A modest wooden-framed structure in Camden, built in Greek-revival style, was the only home ever owned by Walt Whitman. Here is where he grew to international fame as the author of Leaves of Grass, hosted visitors from around the world, and completed his last comprehensive volume of poetry before his death in 1892. Today the home, just a short walk from the southern terminus of New Jersey Transit’s River Line, is preserved and overseen as a New Jersey State Historic Site and a National Historic Landmark, and is open to the public.
Of his last home, Whitman wrote: “Camden was originally an accident, but I shall never be sorry I was left over in Camden. It has brought me blessed returns.”
In 1884 Walt Whitman purchased the modest two-story frame house on Mickle Street for $1,750, earned from royalties. Whitman had come to Camden years earlier, in 1873, and lived with his brother George on nearby Stevens Street. By this time Whitman’s international reputation attracted the attention of the days most prominent literary figures. Among them Charles Dickens, Bram Stoker, Robert Louis Stevenson, and Oscar Wilde came to Camden to visit America’s greatest poet.
During his years in Camden, Whitman became a friend of the Philadelphia artist, Thomas Eakins. These two giants of 19th century American culture found much to admire in each other’s work. Each in his own medium broke with conventions, creating something new and distinctly American. Eakins photographed Whitman and painted his portrait.
Today the Walt Whitman House, a National Historic Landmark, provides an intimate glimpse into the life of the poet, attracting visitors from around the world. Whitman’s original letters, personal belongings, the bed in which he died, and the death notice that was nailed to the front door have all been preserved, as well as a collection of rare 19th century photographs, including the earliest known image of Whitman — an 1848 daguerreotype.
The Walt Whitman House is open from Wednesday to Sunday from 10 a.m. to noon and from 1 to 4 p.m. Visitors are urged to call 856-964-5383 to arrange an appointment and to confirm hours of operation. This appears to be an important caveat. Callers to an automated information system were told recently, for example, that the house will be closed on Wednesday, November 5.
Some of the reactions of contemporary visitors to Whitman’s chosen city could be similar to those of contemporary visitors who couldn’t figure out why Whitman lived in Camden, which was then, as it is now, a depressed pocket of urban decay overshadowed by Philadelphia, its neighbor across the Delaware River. In 1892 Elbert Hubbard called Camden a “great, sandy, monotonous waste of straggling buildings.”
Visitors to Mickle Street no longer encounter a teeming, dirty, noisy neighborhood. Today the block is aggressively empty and austere, a victim of failed urban renewal. A county jail looms across the street from the Whitman House.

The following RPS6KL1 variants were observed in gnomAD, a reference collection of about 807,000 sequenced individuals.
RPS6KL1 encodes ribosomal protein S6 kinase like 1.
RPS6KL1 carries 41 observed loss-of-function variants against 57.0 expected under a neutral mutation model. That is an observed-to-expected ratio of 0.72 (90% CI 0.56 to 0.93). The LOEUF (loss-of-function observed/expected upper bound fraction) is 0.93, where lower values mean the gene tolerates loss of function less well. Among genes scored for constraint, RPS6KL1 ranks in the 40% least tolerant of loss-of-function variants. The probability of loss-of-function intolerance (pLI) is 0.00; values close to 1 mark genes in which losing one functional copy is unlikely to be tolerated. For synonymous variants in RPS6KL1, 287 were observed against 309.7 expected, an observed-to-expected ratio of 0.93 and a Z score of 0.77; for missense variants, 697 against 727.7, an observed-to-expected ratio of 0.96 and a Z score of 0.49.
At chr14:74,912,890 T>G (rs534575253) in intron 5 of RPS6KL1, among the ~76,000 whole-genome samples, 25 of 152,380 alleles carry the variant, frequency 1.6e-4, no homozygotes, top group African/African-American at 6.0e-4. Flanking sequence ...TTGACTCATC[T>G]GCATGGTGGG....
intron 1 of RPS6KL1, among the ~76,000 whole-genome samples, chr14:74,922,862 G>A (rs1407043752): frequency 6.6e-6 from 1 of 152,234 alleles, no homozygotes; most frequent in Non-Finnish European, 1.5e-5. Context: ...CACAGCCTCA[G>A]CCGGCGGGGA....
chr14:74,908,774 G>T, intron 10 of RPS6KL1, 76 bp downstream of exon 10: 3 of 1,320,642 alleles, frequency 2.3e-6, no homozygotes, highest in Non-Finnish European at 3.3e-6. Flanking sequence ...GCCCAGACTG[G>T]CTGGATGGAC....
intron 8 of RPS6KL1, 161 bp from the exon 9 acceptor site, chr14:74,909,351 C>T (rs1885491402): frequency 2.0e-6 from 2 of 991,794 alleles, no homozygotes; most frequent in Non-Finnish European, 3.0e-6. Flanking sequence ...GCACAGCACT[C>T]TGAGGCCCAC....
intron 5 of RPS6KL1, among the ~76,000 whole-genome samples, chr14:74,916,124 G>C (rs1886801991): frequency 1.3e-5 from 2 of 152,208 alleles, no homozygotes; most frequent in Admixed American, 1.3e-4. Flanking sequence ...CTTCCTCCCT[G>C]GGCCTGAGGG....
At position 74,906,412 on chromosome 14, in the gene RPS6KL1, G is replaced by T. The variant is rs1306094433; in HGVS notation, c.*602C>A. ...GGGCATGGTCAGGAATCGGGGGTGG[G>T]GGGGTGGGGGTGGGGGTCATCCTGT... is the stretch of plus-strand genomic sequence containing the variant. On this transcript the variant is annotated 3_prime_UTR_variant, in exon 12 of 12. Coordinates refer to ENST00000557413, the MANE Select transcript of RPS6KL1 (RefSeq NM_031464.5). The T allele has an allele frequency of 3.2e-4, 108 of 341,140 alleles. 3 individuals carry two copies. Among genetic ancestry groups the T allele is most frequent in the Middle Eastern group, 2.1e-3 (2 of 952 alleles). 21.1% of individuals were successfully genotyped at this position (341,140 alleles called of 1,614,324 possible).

In contrast to the foreboding concrete buildings nearby, the modest house retains much of its 19th-century character: cobblestones remain on the parking strip in front of the house, which offers visitors a tour of a rarely preserved period style: small, dank rooms brightened by whimsical, often clashing wallpaper and rugs. By a stroke of literary luck, the Walt Whitman House has become one of a handful of historically preserved 19th-century working-class houses. “If this weren’t Walt Whitman’s house, it wouldn’t be here,” Margaret O’Neil, a former curator, has been quoted as saying.
Journalists rarely ventured to houses like these on blocks like Mickle Street, so those who went to Walt’s house for interviews were often taken aback. Theodore Wolfe, in his 1895 Literary Shrines: The Haunts of Some Famous American Authors, wrote that “the dingy little two-storied domicile is so disappointingly different from what we were expecting to see that the confirmatory testimony of the name ‘W. Whitman’ upon the door-plate is needed to convince us that this is the oft-mentioned ‘neat and comfortable’ dwelling of one of the world’s celebrities.”
When Hubbard visited in 1883, disconcerted, at the “plain, weather-beaten house” Whitman explained, “I like the folks, the plain, ignorant, unpretentious folks; and the youngsters that come and slide on my cellar-door.”
Whitman’s preference for living with “the folks” seems apt, given his reputation as the bard of the working-class and champion of democracy. But Whitman was hardly sentimental. To Horace Traubel, who chronicled the poet’s final days in With Walt Whitman in Camden, Whitman remarked, “It is always painful to come back into the stinking reeking streets-Mickle Street-sluttish gutters-women with hair a-flying-dust brooms clouding the streets-confinement-the air shot off. Oh!”
Fans of Whitman might find it fitting that the house is understaffed and under-funded, writes Anne Trubeck, an associate professor of English at Oberlin College, who has written about it. After all, she points out, Whitman was always poor and struggling. But Whitman wouldn’t want us to sit back and savor the poetic irony. He would want us to get up and go to Camden for a visit.